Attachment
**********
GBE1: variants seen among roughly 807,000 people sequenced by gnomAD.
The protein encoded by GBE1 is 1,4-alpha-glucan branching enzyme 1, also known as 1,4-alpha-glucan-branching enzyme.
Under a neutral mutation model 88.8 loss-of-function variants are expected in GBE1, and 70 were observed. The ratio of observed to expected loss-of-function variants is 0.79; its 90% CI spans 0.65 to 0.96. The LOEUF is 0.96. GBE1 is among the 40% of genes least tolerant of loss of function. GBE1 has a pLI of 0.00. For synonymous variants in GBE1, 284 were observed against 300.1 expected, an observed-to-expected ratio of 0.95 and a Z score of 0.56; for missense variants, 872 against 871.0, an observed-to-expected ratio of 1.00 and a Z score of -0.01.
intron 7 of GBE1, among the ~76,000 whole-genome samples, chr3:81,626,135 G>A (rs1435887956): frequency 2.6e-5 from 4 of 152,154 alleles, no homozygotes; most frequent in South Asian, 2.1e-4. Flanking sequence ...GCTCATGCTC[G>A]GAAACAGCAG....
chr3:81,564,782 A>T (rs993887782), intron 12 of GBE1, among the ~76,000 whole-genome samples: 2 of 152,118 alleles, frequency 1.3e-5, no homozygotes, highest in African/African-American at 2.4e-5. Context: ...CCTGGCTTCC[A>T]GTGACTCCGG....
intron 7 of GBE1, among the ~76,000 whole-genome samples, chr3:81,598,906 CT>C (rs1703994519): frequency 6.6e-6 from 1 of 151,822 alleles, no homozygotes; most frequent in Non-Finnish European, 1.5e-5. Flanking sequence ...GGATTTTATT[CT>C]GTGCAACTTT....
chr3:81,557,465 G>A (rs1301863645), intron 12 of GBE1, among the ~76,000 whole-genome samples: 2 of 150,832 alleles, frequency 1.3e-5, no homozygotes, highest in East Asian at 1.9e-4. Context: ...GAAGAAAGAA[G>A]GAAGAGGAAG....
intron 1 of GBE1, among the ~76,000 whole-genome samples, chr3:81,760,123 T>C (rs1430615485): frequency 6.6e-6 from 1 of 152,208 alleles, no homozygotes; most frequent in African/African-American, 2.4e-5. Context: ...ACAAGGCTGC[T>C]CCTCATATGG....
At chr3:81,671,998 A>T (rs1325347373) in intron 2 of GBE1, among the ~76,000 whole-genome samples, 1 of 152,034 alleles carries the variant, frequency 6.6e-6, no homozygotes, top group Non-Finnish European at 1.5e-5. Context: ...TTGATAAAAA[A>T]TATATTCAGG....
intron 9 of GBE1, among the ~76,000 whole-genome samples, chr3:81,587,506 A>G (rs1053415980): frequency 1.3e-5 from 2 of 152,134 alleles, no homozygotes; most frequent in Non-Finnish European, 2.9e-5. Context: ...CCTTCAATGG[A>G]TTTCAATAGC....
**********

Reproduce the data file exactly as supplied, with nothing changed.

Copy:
GBE1: variants seen among roughly 807,000 people sequenced by gnomAD.
The protein encoded by GBE1 is 1,4-alpha-glucan branching enzyme 1, also known as 1,4-alpha-glucan-branching enzyme.
Under a neutral mutation model 88.8 loss-of-function variants are expected in GBE1, and 70 were observed. The ratio of observed to expected loss-of-function variants is 0.79; its 90% CI spans 0.65 to 0.96. The LOEUF is 0.96. GBE1 is among the 40% of genes least tolerant of loss of function. GBE1 has a pLI of 0.00. For synonymous variants in GBE1, 284 were observed against 300.1 expected, an observed-to-expected ratio of 0.95 and a Z score of 0.56; for missense variants, 872 against 871.0, an observed-to-expected ratio of 1.00 and a Z score of -0.01.
intron 7 of GBE1, among the ~76,000 whole-genome samples, chr3:81,626,135 G>A (rs1435887956): frequency 2.6e-5 from 4 of 152,154 alleles, no homozygotes; most frequent in South Asian, 2.1e-4. Flanking sequence ...GCTCATGCTC[G>A]GAAACAGCAG....
chr3:81,564,782 A>T (rs993887782), intron 12 of GBE1, among the ~76,000 whole-genome samples: 2 of 152,118 alleles, frequency 1.3e-5, no homozygotes, highest in African/African-American at 2.4e-5. Context: ...CCTGGCTTCC[A>T]GTGACTCCGG....
intron 7 of GBE1, among the ~76,000 whole-genome samples, chr3:81,598,906 CT>C (rs1703994519): frequency 6.6e-6 from 1 of 151,822 alleles, no homozygotes; most frequent in Non-Finnish European, 1.5e-5. Flanking sequence ...GGATTTTATT[CT>C]GTGCAACTTT....
chr3:81,557,465 G>A (rs1301863645), intron 12 of GBE1, among the ~76,000 whole-genome samples: 2 of 150,832 alleles, frequency 1.3e-5, no homozygotes, highest in East Asian at 1.9e-4. Context: ...GAAGAAAGAA[G>A]GAAGAGGAAG....
intron 1 of GBE1, among the ~76,000 whole-genome samples, chr3:81,760,123 T>C (rs1430615485): frequency 6.6e-6 from 1 of 152,208 alleles, no homozygotes; most frequent in African/African-American, 2.4e-5. Context: ...ACAAGGCTGC[T>C]CCTCATATGG....
At chr3:81,671,998 A>T (rs1325347373) in intron 2 of GBE1, among the ~76,000 whole-genome samples, 1 of 152,034 alleles carries the variant, frequency 6.6e-6, no homozygotes, top group Non-Finnish European at 1.5e-5. Context: ...TTGATAAAAA[A>T]TATATTCAGG....
intron 9 of GBE1, among the ~76,000 whole-genome samples, chr3:81,587,506 A>G (rs1053415980): frequency 1.3e-5 from 2 of 152,134 alleles, no homozygotes; most frequent in Non-Finnish European, 2.9e-5. Context: ...CCTTCAATGG[A>G]TTTCAATAGC....